Fantastic Fest 2014: The Babadook

Tyro helmer Jennifer Kent conjures disturbing spook story

Be vigilant against The Babadook. Once you let him in, he will never leave. “If it’s in a word, or it’s in a look, you can’t get rid of The Babadook,” reads weary Amelia (Essie Davis) to her frightened son Samuel (Noah Wiseman) from a book that has mysteriously appeared in the young boy’s bedroom.

Australian writer/director Jennifer Kent makes a stunningly assured feature filmmaking debut with this unnerving thriller. It’s more a psychological horror tale than a blood-and-guts outing, although the filmmaker doesn’t stint on either score. The Babadook owes a clear debt to films like The Exorcist in which demon children are not to be taken lightly.

At the outset of the film, we find single mom Amelia exhausted due to the sleeplessness of near-7-year-old Samuel who fears monsters that he believes to be hiding in closets and under the bed. Samuel may not yet be a demon child, but he is unquestionably a problem child. In order to slay monsters, he has concocted a lethal dart thrower, which has gotten him expelled from school. Other children find him weird and unlikable, and Amelia has a tendency to recoil from her son’s touch. Also, the trauma of her husband’s sudden and violent death still haunts Amelia.

Things escalate when Mister Babadook, an ominous children’s pop-up book, mysteriously appears in Samuel’s bedroom, and warns against a dark and evil creature who cannot be gotten rid of once he’s been allowed in to one’s home. The image of The Babadook is primitive yet bone-rattling: a sturdy, all-black silhouette appears as if part scarecrow/part tombstone, and with extended whiskers or claws attached above and below these talons seem sharper and sootier than Freddy Krueger’s ever were; a top hat lends the image a perverse magisterial touch. He knocks three times: “Baba dook-dook-dook.” Despite tearing up the book and leaving it in the trash, Amelia finds it again in her son’s room pasted together and more threatening than before. Clearly, they’re being stalked.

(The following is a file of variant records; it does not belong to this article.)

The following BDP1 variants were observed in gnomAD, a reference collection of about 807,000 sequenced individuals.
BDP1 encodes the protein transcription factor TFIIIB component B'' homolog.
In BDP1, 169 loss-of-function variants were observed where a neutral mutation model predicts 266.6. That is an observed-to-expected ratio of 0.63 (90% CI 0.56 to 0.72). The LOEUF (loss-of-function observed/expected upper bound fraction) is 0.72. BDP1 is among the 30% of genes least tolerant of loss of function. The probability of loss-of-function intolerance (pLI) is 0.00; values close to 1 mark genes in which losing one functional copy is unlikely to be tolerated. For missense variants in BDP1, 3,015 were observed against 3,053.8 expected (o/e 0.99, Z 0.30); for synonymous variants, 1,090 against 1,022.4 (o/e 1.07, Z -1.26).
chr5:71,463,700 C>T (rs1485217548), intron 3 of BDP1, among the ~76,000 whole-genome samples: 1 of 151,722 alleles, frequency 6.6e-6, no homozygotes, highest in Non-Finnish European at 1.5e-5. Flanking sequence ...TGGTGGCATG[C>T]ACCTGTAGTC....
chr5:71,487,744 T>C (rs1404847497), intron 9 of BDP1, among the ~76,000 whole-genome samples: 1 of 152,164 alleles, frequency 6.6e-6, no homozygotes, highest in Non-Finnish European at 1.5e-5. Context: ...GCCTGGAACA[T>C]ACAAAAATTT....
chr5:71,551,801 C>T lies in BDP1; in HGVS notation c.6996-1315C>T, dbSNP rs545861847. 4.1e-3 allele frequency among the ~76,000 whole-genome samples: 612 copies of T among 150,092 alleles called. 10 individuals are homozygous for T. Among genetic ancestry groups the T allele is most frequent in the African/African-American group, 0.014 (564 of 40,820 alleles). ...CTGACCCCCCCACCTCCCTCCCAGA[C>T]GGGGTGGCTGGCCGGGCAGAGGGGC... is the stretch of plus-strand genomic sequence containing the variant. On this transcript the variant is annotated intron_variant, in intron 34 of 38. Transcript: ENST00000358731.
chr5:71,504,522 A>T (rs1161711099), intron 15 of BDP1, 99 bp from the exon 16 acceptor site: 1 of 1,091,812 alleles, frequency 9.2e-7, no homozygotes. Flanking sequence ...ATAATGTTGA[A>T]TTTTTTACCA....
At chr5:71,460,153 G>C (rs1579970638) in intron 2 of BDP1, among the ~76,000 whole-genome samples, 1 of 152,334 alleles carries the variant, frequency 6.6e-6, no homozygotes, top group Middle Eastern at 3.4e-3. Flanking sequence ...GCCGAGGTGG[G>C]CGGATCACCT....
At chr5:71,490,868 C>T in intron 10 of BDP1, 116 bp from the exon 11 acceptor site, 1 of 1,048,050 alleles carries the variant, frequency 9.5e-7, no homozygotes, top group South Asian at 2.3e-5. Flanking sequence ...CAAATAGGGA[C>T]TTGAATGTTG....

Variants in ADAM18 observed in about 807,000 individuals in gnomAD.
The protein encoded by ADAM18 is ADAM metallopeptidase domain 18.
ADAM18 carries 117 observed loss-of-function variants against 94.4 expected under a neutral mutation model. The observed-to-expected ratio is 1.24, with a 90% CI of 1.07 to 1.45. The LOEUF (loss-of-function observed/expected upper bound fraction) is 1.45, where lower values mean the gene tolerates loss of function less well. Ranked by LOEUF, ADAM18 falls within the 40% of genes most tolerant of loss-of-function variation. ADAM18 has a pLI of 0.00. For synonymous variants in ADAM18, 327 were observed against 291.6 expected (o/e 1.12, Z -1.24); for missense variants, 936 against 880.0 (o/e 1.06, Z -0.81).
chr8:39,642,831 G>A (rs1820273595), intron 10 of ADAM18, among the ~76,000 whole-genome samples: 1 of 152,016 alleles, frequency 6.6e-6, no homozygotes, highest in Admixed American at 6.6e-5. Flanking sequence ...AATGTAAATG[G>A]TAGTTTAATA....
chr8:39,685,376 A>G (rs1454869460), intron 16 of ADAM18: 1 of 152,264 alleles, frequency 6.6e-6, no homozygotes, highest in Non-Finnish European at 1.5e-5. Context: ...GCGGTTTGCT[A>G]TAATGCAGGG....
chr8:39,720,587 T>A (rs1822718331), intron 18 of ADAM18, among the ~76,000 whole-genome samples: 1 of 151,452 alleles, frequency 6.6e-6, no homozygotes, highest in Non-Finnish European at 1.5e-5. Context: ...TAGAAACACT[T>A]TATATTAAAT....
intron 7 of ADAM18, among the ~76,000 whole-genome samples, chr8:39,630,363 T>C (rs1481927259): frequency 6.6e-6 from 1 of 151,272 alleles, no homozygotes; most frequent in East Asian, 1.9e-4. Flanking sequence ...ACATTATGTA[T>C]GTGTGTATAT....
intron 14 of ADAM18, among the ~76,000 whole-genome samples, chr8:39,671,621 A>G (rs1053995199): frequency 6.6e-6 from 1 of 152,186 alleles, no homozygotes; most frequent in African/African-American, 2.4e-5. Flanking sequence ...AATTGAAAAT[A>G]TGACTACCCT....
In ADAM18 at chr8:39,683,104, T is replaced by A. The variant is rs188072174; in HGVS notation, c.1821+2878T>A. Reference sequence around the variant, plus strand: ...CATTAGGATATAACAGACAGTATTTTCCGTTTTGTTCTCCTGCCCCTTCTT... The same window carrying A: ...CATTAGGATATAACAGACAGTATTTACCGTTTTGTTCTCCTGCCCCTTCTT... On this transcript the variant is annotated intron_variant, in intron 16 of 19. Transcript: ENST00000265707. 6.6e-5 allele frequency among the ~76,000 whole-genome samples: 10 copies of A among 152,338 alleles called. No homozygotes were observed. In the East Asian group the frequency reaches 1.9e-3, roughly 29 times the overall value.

Amelia grows more exasperated and exhausted by the day. She resorts to tranquilizing her son so she can get some sleep. But still, the Babadook knocks. Samuel keeps squalling about not wanting his mother to die, but is he issuing a threat or expressing genuine fear? Essie Davis delivers a brilliant performance, notching distinct levels of fatigue and disorientation that grow ever more nuanced. Her skillful display somewhat makes up for the uneven performance Noah Wiseman, distracting us child actor’s limited range.

The crisp imagery of The Babadook creates a true sense of menace amid the banality. Mothers who fear their offspring also strikes at a very primal level of mythic storytelling. Vigilance is the only means of protection against the creature from the id. Screw Heisenberg: It is The Bababook who knocks.

The Babadook screens again Monday, Sept. 22, 2:15pm.

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More The Babadook
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Bedtime Stories That Bite Back
Jennifer Kent discusses horror debut The Babadook

Marc Savlov, Dec. 5, 2014

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